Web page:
Processes in hospitals or in other healthcare institutions are usually analyzed and optimized isolated for enclosed organizations like single hospital wards or certain clinical pathways. However, many workflows should be considered in a broader scope in order to better represent the reality, i.e., in combination with other processes and in contexts of macro structures. Therefore, an integrated view is necessary which enables to combine different coherences. This can be achieved by hybrid simulation. In this case, processes can be modeled and simulated by discrete simulation techniques (i.e., DES or ABS) at the meso-level. However, holistic structures can be comfortably implemented using continuous methods (i.e., SD). This paper presents a theoretical approach that enables to consider reciprocal influences between processes and higher level entities, but also to combine hospital workflows with other subjects (e.g., ambulance vehicles).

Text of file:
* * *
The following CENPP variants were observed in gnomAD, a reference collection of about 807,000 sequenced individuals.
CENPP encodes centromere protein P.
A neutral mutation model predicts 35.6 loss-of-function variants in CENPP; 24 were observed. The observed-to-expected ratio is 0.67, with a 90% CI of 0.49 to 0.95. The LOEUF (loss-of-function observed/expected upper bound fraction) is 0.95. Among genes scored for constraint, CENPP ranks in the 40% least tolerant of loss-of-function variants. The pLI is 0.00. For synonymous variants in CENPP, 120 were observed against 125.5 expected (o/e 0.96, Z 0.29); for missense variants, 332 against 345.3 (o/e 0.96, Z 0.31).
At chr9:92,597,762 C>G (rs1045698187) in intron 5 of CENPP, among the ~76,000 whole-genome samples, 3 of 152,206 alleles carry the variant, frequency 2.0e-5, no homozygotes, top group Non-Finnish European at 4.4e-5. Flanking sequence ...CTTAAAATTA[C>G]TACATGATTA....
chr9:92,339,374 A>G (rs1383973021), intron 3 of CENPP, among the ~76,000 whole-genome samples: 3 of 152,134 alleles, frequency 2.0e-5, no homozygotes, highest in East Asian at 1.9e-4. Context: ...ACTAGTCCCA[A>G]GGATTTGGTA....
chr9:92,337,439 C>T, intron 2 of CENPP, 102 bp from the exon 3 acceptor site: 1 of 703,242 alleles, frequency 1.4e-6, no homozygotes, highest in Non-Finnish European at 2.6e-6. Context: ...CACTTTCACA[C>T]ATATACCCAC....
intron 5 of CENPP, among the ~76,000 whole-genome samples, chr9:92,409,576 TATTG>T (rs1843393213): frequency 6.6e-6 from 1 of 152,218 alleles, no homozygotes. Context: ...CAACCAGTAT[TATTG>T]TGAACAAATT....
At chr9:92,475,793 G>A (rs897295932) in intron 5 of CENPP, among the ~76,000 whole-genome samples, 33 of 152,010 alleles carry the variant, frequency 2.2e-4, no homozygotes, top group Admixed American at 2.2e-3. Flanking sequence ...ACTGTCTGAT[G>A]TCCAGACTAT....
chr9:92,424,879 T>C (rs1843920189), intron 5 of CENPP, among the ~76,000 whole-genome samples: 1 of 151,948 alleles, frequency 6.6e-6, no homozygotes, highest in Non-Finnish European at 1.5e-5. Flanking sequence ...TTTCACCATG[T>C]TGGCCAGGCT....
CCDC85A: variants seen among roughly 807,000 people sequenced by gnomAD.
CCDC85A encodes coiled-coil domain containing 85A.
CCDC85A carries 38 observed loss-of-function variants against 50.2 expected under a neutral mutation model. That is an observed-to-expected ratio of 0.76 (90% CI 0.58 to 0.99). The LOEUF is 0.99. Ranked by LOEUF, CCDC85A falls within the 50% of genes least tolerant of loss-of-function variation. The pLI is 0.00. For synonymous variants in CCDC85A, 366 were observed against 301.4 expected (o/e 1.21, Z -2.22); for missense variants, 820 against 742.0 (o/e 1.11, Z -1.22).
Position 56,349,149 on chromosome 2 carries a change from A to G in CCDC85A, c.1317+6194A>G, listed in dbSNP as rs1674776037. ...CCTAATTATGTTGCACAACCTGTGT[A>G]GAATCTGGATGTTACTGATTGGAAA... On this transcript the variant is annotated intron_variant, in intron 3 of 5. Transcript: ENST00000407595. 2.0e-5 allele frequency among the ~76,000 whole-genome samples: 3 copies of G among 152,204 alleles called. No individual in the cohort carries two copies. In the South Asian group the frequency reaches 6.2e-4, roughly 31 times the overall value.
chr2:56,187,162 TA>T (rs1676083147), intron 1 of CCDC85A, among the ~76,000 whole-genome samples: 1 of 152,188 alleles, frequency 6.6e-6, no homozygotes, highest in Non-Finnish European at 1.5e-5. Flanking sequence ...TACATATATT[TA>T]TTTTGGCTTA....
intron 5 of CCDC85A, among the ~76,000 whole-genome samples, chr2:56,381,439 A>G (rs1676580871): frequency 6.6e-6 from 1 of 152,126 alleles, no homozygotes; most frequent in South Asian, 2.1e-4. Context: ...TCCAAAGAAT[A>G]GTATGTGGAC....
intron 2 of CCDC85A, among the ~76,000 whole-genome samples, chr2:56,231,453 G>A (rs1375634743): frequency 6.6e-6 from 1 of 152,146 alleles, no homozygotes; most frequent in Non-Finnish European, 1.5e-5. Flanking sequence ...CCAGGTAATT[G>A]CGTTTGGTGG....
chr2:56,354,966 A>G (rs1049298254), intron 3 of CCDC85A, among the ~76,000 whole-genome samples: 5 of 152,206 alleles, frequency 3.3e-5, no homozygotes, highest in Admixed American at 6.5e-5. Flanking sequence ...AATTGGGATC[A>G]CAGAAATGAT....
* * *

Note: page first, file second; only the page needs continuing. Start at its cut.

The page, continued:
Improvements in healthcare delivery are important to master global challenges in future, which are particularly triggered by demographic changes and increasing costs. Hospital managers and those of other healthcare providers must solve many trade-off problems, i.e., a better service quality versus higher resource usage and operational costs. Process improvements performed by simulation and modeling (SaM) allow to better handle budgets and to increase the organizational performance prior to their cost-intensive real-world implementation. However, the success of such improvement processes crucially depends on the applied SaM method.